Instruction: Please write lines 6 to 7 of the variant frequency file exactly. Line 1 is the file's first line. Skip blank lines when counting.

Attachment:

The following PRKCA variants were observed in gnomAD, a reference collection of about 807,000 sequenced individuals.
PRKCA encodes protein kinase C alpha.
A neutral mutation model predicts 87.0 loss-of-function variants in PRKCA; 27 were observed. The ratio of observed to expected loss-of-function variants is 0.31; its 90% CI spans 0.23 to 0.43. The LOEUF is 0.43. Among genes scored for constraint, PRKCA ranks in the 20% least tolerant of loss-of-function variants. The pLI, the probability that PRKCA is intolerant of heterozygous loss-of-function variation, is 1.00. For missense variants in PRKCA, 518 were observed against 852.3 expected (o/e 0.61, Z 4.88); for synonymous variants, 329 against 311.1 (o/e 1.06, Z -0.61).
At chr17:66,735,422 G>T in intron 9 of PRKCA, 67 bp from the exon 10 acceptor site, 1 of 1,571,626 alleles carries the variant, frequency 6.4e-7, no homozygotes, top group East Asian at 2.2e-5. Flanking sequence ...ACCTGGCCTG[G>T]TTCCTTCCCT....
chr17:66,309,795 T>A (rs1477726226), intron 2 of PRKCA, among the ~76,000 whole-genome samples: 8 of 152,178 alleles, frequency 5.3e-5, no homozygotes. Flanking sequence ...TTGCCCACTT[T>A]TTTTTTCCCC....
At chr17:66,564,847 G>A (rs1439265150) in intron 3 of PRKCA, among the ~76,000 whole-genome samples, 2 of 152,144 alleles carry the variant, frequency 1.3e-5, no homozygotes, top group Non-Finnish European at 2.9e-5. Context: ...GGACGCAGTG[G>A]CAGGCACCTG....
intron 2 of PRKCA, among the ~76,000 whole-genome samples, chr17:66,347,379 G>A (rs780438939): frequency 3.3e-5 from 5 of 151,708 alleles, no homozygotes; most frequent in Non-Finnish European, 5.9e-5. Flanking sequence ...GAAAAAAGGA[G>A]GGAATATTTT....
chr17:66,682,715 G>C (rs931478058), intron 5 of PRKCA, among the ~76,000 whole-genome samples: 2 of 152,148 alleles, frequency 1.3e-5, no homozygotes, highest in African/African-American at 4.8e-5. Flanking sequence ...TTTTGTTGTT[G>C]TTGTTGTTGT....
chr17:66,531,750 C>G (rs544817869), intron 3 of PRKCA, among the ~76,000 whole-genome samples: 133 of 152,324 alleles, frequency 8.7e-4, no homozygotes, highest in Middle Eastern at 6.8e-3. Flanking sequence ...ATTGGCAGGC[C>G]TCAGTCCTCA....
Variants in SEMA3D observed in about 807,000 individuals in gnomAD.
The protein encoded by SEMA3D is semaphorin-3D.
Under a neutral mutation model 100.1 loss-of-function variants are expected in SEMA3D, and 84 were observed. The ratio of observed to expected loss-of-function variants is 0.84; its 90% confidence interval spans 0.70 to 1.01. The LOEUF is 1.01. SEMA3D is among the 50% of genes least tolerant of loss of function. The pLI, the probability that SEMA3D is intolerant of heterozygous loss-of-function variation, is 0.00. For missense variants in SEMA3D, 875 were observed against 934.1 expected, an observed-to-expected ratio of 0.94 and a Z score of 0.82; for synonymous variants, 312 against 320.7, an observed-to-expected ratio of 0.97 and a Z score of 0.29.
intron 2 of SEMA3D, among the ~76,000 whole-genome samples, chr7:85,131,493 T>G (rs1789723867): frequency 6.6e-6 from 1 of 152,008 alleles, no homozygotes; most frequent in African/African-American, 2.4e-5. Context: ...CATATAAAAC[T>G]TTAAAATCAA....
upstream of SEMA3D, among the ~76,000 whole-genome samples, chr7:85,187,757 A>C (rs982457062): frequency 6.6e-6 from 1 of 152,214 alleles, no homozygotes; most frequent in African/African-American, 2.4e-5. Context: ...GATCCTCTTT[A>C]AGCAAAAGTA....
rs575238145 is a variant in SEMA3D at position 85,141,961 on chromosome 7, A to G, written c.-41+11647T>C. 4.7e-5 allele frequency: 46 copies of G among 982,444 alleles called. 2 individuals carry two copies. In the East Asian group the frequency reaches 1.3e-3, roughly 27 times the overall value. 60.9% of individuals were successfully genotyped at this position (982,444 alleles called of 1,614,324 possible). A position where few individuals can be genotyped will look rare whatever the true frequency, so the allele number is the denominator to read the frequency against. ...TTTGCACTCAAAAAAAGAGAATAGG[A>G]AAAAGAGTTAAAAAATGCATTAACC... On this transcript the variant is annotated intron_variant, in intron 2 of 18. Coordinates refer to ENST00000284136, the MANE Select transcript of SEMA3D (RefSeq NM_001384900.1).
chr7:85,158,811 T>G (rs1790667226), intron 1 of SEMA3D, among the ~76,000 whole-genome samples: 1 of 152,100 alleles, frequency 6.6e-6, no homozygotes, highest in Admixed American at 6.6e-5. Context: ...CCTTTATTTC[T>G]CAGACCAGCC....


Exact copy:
At chr17:66,564,847 G>A (rs1439265150) in intron 3 of PRKCA, among the ~76,000 whole-genome samples, 2 of 152,144 alleles carry the variant, frequency 1.3e-5, no homozygotes, top group Non-Finnish European at 2.9e-5. Context: ...GGACGCAGTG[G>A]CAGGCACCTG....
intron 2 of PRKCA, among the ~76,000 whole-genome samples, chr17:66,347,379 G>A (rs780438939): frequency 3.3e-5 from 5 of 151,708 alleles, no homozygotes; most frequent in Non-Finnish European, 5.9e-5. Flanking sequence ...GAAAAAAGGA[G>A]GGAATATTTT....